Monday, May 23, 2016
Mongolian Food In SF That's Not Mongolian Beef: "Tsuivan" Mongolian Noodle At Let's Jam
A couple of weeks ago I didn't know that Mongolian food (other than hot pot) existed in San Francisco or within easy transit access. Then the hyper-resourceful gastromancer with the nom de l'écran "hyperbowler" came up with, first, Asian Grill/Монгол хоол in downtown Oakland a very short walk from the 12th Steet BART station, then Let's Jam, a downtown San Francisco cafe with a split personality, the important half being a Mongolian food cafe. Being a San Francisco first person (take that, Donald Trump) I hit up Let's Jam for lunch today for my first Mongolian meal in memory.
Let's Jam, on the fringe of the Tenderloin on Geary St, began as a run-of-the-mill bagel-and-coffee place run by a couple of Mongolian women who introduced Mongolian classics by stealth, then posted an official Mongolian food menu, complete with pictures, around a year ago. Item #1 on Let's Jam's Mongolian Food Menu is Tsuivan - Mongolian Noodle, a hallmark Mongolian stew of noodles, meat and vegetables. Since it was the only dish on the menu which uses indigenous steamed Mongolian noodles (house-made at that) it was my choice; not that I didn't also hanker for some dumplings, but I'd been forewarned by Yelp reviews of huge portion sizes. My caution was well advised. The order of tsuivan which came my was a veritable mountain of food on a square plate,, with a side (or rather a corner) of pickled beet salad.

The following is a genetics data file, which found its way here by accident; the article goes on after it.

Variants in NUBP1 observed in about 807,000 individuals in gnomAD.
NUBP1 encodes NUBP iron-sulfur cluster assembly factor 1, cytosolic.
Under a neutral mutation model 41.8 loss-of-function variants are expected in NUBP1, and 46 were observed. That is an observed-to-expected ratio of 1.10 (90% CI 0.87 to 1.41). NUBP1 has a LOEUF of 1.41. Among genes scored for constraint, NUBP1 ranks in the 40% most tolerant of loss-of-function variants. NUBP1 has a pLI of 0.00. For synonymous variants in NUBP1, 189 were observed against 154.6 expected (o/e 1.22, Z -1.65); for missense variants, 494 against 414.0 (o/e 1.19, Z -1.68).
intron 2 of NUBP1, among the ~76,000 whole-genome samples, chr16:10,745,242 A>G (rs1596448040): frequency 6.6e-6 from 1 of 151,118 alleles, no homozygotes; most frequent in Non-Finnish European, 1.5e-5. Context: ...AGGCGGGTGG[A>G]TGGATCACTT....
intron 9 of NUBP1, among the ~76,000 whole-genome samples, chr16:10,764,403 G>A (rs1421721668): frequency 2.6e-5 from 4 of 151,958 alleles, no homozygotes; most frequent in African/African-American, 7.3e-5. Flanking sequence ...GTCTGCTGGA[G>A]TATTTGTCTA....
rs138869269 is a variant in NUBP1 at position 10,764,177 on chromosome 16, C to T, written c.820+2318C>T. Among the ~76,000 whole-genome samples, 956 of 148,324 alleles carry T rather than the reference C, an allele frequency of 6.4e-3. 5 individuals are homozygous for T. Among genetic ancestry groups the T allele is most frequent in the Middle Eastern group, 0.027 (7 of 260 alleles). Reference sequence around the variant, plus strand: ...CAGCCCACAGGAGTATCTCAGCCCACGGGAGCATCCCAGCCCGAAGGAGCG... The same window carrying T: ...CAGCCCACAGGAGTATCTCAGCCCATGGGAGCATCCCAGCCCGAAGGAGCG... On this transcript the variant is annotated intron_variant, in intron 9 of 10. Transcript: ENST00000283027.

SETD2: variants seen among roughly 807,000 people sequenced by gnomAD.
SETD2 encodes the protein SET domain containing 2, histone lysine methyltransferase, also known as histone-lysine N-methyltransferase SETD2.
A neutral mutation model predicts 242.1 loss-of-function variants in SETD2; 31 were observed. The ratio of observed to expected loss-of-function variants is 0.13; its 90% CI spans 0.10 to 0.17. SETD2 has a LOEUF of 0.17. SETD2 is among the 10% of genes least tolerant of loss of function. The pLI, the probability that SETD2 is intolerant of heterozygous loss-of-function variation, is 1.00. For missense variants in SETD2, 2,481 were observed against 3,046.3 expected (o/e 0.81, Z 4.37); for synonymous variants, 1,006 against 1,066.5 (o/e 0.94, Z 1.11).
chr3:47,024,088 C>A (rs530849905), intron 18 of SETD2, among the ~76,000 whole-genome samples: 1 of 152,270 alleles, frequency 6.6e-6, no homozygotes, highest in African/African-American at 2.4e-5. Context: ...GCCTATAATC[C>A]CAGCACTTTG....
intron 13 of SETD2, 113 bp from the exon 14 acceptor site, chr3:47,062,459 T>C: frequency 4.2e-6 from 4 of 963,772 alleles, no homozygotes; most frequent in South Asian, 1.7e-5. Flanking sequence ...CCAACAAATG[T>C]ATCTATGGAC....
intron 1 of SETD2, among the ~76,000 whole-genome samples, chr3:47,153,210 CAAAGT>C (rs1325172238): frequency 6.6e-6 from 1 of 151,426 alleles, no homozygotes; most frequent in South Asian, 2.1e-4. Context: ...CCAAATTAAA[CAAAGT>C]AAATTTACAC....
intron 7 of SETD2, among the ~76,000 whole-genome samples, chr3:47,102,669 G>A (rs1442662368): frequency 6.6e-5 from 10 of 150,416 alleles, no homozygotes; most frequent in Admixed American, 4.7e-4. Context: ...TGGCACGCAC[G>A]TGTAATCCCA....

According to the research of poster hyperbowler, there are variations among versions of tsuivan, including a version he encountered at the Oakland venue with wok-charred noodles. The version at Let's Jam (described as "home made pasta, beef, carrot and cabbage mixed seasoned with salt and onion") had noodles that appeared to simply have been steamed and mixed in with the meat and veggies.
The noodles had been thinly cut, one could almost say julienned, and their size and coarse bland texture were reminiscent of some shredded potato dishes found in Northern China. The well-cooked beef shreds were chewy, as if to emulate mutton, and the vegetable contribution was minimal as, alas, was the seasoning. I found the blandness of the dish somewhat surprising, but not the portion size. It could easily feed two hungry people for around $11; after eating half or less, I asked for a takeout container and donated the remainder to the street culture of the Tenderloin.
Due to the dish's blandness, I'm not likely to return for the Tsuivan at Let's Jam, but there are dumplings and lamb ribs on the menu with my name on them.
Where slurped: Let's Jam, 842 Geary St., the Tenderloin, San Francisco